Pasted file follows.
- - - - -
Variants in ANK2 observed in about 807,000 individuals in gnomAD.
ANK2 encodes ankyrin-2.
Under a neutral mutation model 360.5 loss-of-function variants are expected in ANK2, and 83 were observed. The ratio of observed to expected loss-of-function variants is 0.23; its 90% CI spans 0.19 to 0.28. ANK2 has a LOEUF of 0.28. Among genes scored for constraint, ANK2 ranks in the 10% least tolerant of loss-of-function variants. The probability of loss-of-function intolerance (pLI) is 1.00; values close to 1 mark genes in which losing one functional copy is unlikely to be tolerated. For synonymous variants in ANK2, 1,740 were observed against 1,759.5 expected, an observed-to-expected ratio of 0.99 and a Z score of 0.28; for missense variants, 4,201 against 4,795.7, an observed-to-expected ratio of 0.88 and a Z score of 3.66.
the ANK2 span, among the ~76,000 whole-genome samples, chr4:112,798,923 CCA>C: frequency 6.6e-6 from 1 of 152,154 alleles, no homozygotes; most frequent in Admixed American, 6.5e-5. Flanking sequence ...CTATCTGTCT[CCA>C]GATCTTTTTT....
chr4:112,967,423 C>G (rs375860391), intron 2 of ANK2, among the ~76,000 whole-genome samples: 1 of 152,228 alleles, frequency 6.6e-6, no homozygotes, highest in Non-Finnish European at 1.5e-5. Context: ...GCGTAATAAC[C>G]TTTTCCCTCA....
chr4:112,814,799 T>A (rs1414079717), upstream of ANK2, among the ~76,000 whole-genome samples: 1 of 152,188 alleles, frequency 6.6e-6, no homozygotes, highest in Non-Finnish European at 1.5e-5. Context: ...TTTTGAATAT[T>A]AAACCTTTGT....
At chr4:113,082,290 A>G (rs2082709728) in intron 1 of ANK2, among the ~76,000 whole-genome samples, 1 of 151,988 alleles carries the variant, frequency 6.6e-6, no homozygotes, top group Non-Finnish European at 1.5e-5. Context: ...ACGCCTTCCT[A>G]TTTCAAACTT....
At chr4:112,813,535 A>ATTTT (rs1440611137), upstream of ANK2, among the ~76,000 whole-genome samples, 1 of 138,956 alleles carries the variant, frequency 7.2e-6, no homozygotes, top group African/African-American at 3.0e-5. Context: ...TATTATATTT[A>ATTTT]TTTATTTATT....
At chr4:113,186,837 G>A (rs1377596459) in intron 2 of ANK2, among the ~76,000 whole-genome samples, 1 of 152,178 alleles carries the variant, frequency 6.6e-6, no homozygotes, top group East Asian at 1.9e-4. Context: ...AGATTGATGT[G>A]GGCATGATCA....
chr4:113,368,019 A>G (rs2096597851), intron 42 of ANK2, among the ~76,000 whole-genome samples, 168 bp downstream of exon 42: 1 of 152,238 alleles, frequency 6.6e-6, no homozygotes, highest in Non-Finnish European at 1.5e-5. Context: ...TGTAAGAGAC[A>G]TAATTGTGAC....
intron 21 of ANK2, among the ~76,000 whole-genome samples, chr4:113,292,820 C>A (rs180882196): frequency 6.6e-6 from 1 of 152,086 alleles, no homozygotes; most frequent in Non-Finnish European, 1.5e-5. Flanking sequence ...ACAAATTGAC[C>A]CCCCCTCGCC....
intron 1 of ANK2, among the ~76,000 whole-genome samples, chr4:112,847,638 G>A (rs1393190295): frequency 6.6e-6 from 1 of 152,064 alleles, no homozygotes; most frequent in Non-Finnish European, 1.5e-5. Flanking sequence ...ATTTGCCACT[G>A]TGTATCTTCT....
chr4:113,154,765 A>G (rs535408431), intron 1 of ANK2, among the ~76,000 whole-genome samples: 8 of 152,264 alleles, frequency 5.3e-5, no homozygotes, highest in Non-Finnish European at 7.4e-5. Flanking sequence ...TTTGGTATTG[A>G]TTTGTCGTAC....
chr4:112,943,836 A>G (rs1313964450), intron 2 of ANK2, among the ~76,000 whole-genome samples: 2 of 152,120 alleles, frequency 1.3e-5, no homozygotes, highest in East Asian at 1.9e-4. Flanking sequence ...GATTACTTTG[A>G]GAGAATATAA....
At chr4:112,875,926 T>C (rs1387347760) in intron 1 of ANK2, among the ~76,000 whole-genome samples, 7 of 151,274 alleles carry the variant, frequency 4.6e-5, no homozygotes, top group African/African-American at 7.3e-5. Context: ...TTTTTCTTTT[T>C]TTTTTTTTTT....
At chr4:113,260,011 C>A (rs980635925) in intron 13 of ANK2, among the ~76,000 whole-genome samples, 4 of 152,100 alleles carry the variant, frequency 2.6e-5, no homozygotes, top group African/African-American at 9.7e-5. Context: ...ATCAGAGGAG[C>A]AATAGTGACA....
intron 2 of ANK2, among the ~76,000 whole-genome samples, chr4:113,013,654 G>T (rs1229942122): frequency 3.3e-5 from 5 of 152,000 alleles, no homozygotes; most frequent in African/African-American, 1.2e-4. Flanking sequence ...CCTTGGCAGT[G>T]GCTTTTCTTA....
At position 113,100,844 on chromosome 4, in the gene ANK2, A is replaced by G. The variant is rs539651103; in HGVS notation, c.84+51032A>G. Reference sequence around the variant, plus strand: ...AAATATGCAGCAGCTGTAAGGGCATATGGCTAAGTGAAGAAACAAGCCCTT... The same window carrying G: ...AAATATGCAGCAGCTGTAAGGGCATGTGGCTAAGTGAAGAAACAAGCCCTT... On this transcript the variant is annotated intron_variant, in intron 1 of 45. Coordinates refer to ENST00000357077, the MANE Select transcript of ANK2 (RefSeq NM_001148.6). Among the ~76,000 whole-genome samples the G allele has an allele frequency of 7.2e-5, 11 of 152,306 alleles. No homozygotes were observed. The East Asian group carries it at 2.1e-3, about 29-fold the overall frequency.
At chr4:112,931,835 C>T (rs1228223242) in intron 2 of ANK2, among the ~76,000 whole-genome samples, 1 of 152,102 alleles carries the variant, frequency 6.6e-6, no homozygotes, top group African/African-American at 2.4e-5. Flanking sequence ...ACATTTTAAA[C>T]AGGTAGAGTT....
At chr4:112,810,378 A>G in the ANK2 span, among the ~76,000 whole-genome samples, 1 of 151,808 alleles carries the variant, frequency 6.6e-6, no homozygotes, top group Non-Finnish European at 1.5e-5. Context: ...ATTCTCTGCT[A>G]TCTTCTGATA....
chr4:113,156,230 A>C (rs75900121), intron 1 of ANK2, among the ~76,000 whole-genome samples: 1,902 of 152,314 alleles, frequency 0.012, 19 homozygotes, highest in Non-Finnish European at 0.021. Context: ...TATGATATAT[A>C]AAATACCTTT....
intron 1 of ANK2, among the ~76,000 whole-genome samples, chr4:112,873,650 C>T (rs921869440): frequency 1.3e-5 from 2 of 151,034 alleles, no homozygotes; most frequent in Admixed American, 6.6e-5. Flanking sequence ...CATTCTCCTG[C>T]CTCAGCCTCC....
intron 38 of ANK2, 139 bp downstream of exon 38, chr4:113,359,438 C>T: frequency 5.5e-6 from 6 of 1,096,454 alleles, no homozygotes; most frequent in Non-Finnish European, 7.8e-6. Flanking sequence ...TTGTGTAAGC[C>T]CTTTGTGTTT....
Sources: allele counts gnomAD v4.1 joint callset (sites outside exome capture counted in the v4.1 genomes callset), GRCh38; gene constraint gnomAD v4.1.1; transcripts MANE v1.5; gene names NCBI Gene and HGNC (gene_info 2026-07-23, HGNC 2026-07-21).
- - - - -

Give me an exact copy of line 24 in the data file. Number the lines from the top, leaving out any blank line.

Sources: allele counts gnomAD v4.1 joint callset (sites outside exome capture counted in the v4.1 genomes callset), GRCh38; gene constraint gnomAD v4.1.1; transcripts MANE v1.5; gene names NCBI Gene and HGNC (gene_info 2026-07-23, HGNC 2026-07-21).